Warne: Not hard to see why Twins stayed quiet at trade deadline
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MINNEAPOLIS -- Wednesday's 3 p.m. trade deadline came and passed, and the Minnesota Twins made no moves which directly affected the major league roster. And while the July 31 deadline signals the end of players moving freely between clubs, it's not the end either.
It's sort of the beginning of the end, so to speak.
From this point on, teams can freely trade non-40-man roster players, but to trade those on the roster, a player must either clear waivers, or be dealt to the team which claims the player as part of the revocable waivers process.
It's a complicated process with almost all players of consequence placed on waivers, and virtually none moved. All one needs to know is that any players dealt between now and Aug. 31 are eligible for any contending team's postseason roster.
The only move the Twins made prior to the non-waiver deadline was sending one of five catchers on the 40-man roster -- Drew Butera -- to the Los Angeles Dodgers for the classic 'player to be named later or cash' designation.
That lack of activity likely won't sit well with Twins fans.
However, it's not hard to see why the Twins failed to pull the trigger on a deal. General manager Terry Ryan spent most of the month saying he wouldn't trade players just to move them -- including impending free agents Justin Morneau and Mike Pelfrey, for instance -- and he stuck to his guns.
So it's not entirely surprising that a report surfaced from an unnamed rival front office-type that the Twins wanted too much for Morneau. And whether that meant the acquiring team picking up Morneau's entire salary, or the Twins picking up part of the check for an improved return, it isn't altogether surprising given all the mitigating factors.
But the lack of movement also isn't surprising in that the Twins' movable assets were not moving basically from the get-go. That includes Joe Mauer (no-trade clause), Glen Perkins (age, value, etc.) and any of the veritable plethora of prospects the Twins have hoarded on what numerous prospect outlets have tabbed the best farm system in all of baseball.
But a look at the rest of the roster -- with the exception of a couple relievers such as Jared Burton and Casey Fien -- doesn't give a ton of hope when considering the price paid by the San Diego Padres to acquire recent 20-game winner Ian Kennedy (a left-handed specialist, a relief prospect, and a B compensation draft pick).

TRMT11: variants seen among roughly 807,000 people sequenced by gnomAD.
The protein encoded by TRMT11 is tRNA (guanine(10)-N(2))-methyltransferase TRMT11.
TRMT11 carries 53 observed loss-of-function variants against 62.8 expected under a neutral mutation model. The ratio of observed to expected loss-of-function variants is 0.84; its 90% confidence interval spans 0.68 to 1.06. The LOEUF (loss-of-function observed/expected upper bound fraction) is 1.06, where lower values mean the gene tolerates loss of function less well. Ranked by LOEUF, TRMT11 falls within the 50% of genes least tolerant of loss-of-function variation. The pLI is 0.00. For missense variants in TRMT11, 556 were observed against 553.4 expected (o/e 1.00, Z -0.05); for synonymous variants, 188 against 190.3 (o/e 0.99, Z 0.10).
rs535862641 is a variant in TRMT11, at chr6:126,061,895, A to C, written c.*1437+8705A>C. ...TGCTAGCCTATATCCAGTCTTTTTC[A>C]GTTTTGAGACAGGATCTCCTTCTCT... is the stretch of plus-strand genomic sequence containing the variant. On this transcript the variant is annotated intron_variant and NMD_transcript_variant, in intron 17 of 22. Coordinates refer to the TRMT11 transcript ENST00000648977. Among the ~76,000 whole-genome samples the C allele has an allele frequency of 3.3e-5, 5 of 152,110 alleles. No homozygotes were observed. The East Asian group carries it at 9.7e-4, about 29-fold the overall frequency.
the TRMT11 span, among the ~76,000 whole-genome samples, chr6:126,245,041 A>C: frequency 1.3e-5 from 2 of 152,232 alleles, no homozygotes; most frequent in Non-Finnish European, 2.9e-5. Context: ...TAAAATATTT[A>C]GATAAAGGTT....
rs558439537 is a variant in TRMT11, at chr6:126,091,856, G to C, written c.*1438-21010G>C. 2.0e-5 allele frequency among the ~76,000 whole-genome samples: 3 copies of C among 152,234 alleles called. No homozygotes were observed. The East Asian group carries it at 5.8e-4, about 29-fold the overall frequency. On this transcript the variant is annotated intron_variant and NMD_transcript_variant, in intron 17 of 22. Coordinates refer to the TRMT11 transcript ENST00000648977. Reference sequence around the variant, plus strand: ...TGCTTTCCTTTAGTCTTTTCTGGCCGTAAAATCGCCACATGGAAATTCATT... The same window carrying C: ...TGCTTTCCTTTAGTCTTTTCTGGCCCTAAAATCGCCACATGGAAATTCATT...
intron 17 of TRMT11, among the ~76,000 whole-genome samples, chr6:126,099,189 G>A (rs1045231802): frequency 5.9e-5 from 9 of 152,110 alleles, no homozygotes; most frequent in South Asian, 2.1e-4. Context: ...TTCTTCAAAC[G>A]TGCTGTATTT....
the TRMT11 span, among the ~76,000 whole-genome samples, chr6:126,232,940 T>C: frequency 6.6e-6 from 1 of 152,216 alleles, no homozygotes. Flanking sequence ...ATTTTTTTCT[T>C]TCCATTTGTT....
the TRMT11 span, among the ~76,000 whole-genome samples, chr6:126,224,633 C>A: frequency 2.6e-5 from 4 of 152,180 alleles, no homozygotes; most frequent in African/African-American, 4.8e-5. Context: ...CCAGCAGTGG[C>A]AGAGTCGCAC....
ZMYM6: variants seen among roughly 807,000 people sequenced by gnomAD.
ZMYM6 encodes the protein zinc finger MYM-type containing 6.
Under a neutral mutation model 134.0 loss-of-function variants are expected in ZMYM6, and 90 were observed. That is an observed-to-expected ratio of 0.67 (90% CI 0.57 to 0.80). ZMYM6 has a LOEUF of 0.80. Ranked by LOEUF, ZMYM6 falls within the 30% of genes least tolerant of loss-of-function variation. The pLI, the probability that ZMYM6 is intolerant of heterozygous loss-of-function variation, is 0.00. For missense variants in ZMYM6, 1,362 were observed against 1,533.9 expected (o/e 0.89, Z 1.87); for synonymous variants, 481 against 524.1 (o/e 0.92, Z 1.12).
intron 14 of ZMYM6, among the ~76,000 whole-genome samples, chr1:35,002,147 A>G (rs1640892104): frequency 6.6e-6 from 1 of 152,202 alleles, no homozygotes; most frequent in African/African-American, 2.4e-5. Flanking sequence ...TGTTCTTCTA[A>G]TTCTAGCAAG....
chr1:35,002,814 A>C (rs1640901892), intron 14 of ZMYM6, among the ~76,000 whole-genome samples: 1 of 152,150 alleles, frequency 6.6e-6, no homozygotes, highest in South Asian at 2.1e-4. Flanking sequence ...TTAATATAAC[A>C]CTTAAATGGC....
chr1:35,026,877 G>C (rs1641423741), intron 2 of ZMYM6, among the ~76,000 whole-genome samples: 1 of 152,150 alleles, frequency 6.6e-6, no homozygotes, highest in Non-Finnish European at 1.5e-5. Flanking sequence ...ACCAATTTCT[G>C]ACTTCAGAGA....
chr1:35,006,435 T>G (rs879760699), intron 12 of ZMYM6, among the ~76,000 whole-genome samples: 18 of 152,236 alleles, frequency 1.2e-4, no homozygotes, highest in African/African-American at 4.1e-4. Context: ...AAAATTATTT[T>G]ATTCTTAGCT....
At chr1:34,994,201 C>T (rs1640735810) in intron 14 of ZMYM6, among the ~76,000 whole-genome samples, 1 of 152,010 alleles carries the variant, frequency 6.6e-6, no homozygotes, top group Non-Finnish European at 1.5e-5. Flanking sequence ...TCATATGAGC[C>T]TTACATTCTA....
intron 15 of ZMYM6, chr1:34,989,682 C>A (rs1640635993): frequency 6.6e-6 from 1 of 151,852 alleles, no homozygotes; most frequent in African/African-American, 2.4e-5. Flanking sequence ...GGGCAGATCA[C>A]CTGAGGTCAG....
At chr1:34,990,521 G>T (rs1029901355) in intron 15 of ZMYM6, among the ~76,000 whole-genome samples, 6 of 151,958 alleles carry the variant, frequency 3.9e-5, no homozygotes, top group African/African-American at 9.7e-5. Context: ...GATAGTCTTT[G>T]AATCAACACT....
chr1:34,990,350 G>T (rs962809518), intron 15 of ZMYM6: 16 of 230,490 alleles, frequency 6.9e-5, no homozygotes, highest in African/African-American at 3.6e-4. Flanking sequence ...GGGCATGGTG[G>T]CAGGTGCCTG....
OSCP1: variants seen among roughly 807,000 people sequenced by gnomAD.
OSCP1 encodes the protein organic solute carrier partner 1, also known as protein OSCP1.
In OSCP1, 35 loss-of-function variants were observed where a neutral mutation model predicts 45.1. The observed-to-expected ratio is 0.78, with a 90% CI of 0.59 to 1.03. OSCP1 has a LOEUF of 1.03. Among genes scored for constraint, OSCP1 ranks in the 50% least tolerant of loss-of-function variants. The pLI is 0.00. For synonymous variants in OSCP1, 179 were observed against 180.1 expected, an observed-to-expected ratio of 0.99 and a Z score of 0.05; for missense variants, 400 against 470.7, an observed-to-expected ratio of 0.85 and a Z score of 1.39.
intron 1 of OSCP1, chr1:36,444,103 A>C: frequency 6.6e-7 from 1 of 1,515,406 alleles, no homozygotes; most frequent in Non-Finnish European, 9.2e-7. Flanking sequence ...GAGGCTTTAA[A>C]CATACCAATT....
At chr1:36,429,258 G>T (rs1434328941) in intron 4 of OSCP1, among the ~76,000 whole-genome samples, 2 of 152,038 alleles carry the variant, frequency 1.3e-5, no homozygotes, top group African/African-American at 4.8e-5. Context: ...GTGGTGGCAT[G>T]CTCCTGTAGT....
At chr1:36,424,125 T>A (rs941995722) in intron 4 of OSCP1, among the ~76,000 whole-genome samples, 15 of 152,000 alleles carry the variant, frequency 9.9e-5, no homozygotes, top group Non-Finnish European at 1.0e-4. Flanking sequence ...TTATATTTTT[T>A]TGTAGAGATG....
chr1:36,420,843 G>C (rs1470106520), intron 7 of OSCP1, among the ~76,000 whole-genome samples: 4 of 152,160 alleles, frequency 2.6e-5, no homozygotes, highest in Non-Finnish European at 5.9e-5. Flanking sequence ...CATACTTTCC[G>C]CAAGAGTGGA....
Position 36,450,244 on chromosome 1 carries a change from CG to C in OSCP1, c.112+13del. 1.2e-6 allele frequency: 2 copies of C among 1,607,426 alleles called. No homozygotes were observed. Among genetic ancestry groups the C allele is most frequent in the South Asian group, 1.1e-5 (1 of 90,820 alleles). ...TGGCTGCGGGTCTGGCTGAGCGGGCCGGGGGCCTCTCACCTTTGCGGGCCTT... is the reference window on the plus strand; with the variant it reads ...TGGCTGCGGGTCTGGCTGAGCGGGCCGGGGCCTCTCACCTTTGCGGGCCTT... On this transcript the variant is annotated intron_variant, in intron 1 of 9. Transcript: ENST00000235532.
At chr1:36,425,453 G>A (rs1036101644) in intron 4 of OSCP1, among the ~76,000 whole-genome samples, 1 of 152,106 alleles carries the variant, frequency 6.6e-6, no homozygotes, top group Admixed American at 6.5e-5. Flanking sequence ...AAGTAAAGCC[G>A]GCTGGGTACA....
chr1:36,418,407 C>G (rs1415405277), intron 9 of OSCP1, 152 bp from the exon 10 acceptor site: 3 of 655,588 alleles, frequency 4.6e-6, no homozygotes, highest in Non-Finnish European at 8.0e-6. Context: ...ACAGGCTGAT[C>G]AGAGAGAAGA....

And while a deal could certainly get done with Morneau or any other of most of the Twins movable commodities in the next month, there are a couple of key reasons that teams likely overlooked the local nine for a little late July thrift shopping.
• Only two Twins regulars -- Mauer and Morneau -- have on-base percentages above the American League average of .320
• No other Twins regular has a higher slugging percentage than Mauer's on-base percentage (.408)
• Included in that last stat is injured left fielder Josh Willingham, who might be the club's most underrated asset going into August.
• Also included is underachieving catcher-outfielder Ryan Doumit, whose contract would make him a lot more of an attractive target if he wasn't carrying a sub-.700 OPS -- the first time he's ever done so in his nearly decade-long career.
• Only one Twins starter -- Sam Deduno -- has an ERA under 4.50. Or in other words, giving up an earned run every other inning.
• Twins starters have the major leagues' worst ERA, xFIP, strikeouts per 9 innings (by a huge margin), and are in the bottom five in nearly every other category.
In other words, if teams looked at the Twins' cupboards on the whole, what they saw looked pretty bare.
And while that's not entirely fair -- at least to those who have kept close tabs on the Twins -- each of the Twins movable assets carries some level of uncertainty.
Burton has battled injuries and Fien has a short track record for someone who'll soon turn 30. Doumit is a bat without a position, and so far this season, without a bat. Willingham got hurt, and before that, didn't hit. Across the board, Morneau is in the bottom quarter of first basemen in all important offensive stats.
In terms of motion and assets, things can certainly get better in August, but that's probably only because it's hard to get much worse.